- Travel. The next call to your center may be more likely a cancellation than a reservation. You are in for some grim weeks and need to prepare. Airlines, among others, are going to be hit with very stressed people wanting precise information (even where that’s not possible) and others wanting their money back. I recommend some extra coaching and special attention during this period.
- Utilities. Healthcare workers and other first responders who are working overtime due to an outbreak in your area will undoubtedly miss payments. Be ready to handle these situations in a way consistent with your company mission statement and with an eye toward your next Public Utilities Commission review.
- Financial services. Investors, large and small are reacting to dramatic stock market news. If you manage a center in the brokerage industry you will need to coach your reps well on appropriate scripts, and make sure they respond to each client as an individual, and not just the latest in a flood of anxious callers asking the same things. To the extent you use low cost communicators (website, IVR, etc.) to alleviate the load on your reps, just be sure the message is delivered really well and in a way that will enhance your brand, not hurt it. Credit card companies and lenders may need to plan for delayed remittances from people in quarantine or overworked healthcare workers who miss their payment dates.
- Mental Health hotlines. Coronavirus will have a mental health impact along with the physical health impact. Mental health hotlines should discuss response strategies so that they can be a positive force in these troubled times.
- Life Insurance. Tragically, Coronavirus will claim lives, including the lives of people with life insurance policies. Reps should be prepared for these calls.
- Planning and Budgeting impact. This is a test of your business continuation plan. Review it now in light of the specific challenges presented by Coronavirus. If your plan lacks a “stay in touch with local health department” paragraph (as many do), add this now and get yourself tied in with your local authorities. Hopefully they will be a valuable resource for you.
IVR announcements about hold times or service interruption due to the outbreak should be well-designed and ready to roll in case of need. If you have more than one contact center, pre-test your redundancy capabilities. Have your other centers (or outsourcer) ready to take over quickly and seamlessly.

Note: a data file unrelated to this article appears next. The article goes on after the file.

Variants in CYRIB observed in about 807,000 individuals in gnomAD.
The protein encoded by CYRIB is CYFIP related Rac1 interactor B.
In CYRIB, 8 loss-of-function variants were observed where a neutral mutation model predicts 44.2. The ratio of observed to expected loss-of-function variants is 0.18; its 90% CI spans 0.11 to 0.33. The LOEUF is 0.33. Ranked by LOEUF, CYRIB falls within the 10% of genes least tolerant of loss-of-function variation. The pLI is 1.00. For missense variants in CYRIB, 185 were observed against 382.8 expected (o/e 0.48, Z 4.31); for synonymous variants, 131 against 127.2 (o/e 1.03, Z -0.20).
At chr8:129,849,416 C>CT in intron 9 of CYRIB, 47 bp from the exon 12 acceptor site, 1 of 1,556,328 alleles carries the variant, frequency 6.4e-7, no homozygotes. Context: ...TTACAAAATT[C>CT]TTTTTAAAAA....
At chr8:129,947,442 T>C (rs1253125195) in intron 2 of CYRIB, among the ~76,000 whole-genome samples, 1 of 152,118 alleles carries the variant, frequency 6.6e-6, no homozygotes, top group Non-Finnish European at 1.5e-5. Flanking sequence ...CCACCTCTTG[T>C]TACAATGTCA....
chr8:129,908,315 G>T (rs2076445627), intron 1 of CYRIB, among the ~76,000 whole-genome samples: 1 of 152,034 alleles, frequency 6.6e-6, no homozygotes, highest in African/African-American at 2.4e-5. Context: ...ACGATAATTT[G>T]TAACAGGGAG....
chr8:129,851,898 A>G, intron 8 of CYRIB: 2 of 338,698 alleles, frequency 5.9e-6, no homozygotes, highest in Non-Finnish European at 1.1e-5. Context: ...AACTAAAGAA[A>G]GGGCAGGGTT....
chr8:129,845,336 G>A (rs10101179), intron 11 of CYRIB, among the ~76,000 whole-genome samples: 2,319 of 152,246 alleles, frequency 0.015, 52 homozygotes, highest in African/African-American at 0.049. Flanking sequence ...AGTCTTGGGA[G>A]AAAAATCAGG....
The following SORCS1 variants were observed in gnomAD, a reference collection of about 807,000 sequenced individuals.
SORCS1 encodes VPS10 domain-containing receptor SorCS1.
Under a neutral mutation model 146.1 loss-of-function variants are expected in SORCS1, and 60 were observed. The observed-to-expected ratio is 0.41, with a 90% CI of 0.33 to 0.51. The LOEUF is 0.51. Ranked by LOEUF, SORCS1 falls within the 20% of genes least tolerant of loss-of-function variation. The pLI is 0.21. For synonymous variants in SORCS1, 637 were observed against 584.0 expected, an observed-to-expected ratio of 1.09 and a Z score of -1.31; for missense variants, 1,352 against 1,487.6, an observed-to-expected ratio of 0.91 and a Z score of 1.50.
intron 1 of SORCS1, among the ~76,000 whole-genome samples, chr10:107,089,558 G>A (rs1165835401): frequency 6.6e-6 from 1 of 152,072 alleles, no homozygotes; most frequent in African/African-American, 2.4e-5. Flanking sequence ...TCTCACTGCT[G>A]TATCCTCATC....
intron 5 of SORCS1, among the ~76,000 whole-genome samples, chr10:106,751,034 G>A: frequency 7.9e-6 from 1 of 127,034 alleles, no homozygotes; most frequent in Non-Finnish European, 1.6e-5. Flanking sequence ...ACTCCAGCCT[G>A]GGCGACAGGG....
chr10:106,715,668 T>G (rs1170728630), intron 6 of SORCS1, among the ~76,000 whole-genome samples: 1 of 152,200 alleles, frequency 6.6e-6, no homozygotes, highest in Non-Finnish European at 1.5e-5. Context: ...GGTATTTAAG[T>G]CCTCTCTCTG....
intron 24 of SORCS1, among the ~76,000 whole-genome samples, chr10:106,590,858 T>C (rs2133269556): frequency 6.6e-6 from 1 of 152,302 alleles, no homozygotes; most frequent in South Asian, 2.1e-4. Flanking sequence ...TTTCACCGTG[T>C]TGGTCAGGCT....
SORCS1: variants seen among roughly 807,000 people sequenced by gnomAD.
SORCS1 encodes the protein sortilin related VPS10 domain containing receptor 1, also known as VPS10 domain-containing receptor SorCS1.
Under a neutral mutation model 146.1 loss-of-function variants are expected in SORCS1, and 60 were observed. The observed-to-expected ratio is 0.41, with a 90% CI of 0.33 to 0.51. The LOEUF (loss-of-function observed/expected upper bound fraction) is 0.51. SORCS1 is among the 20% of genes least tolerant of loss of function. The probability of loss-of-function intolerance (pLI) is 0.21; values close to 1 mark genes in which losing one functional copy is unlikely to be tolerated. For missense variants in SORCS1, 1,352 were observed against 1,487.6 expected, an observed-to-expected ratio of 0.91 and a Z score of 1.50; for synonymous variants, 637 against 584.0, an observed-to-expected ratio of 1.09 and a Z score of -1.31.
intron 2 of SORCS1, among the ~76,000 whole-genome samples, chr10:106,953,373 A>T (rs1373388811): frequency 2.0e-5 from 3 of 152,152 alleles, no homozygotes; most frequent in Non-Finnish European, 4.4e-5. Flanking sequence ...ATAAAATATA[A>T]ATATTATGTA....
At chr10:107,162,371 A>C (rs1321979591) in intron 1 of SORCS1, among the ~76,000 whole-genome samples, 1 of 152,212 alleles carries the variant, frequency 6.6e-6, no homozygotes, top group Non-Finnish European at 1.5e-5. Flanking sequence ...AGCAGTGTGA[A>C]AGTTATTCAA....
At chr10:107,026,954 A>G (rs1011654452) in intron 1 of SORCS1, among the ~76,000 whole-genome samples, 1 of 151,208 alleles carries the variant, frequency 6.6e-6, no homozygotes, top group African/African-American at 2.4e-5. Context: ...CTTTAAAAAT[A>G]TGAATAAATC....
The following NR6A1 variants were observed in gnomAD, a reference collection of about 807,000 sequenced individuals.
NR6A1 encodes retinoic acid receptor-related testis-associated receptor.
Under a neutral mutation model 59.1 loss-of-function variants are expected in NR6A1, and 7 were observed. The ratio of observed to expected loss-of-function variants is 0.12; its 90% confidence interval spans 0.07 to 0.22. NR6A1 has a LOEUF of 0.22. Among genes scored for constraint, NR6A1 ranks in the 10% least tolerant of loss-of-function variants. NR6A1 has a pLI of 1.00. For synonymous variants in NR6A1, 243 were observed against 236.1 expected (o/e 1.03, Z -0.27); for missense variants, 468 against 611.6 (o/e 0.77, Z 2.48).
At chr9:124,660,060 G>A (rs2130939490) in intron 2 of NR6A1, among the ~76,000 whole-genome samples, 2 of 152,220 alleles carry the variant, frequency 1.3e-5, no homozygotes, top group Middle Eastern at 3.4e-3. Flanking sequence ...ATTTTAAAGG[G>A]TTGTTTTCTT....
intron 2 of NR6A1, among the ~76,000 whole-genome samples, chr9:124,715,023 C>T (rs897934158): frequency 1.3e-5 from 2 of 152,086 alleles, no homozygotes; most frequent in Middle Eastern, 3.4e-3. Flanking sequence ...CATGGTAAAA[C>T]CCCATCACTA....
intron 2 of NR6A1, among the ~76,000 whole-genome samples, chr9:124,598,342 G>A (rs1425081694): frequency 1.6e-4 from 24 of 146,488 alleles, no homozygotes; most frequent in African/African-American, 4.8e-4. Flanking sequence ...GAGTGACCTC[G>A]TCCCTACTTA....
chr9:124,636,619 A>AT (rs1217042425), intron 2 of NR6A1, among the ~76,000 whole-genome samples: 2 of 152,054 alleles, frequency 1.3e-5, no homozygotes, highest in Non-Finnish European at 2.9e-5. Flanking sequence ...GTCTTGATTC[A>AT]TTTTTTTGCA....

If you already have some at-home agents, consider what would happen if you had to have all of your agents working at home tomorrow. If your system allows for at-home agents, but you have never used this option, now is the time to do a pilot. If your system does not allow for at-home agents, now may be the time to consider acquiring these capabilities.
Consider impacts on your Customer Experience Journey – from start to finish. Determine where your systems and processes are vulnerable. Give special attention to your IVR and systems efficiency. In addition to expanding at-home capabilities, you may want to consider or expand your automation capabilities, including virtual agents. Virtual agents cannot be created overnight, but you may want to include a virtual agent study in your plans for next year.
One last bit of advice. At work, stay away from the politics. Coronavirus is a human health problem with important managerial impacts. Keep your focus on the health and well-being of your people, while providing superior service to your customers.
And don’t forget to wash your hands.
Senior Research Executive and CEO
* Estimating the mortality rate for Coronavirus is difficult, because people with mild symptoms may never even see a doctor and thus evade the statistical count. The same is true for the flu. https://www.bbc.com/news/health-51674743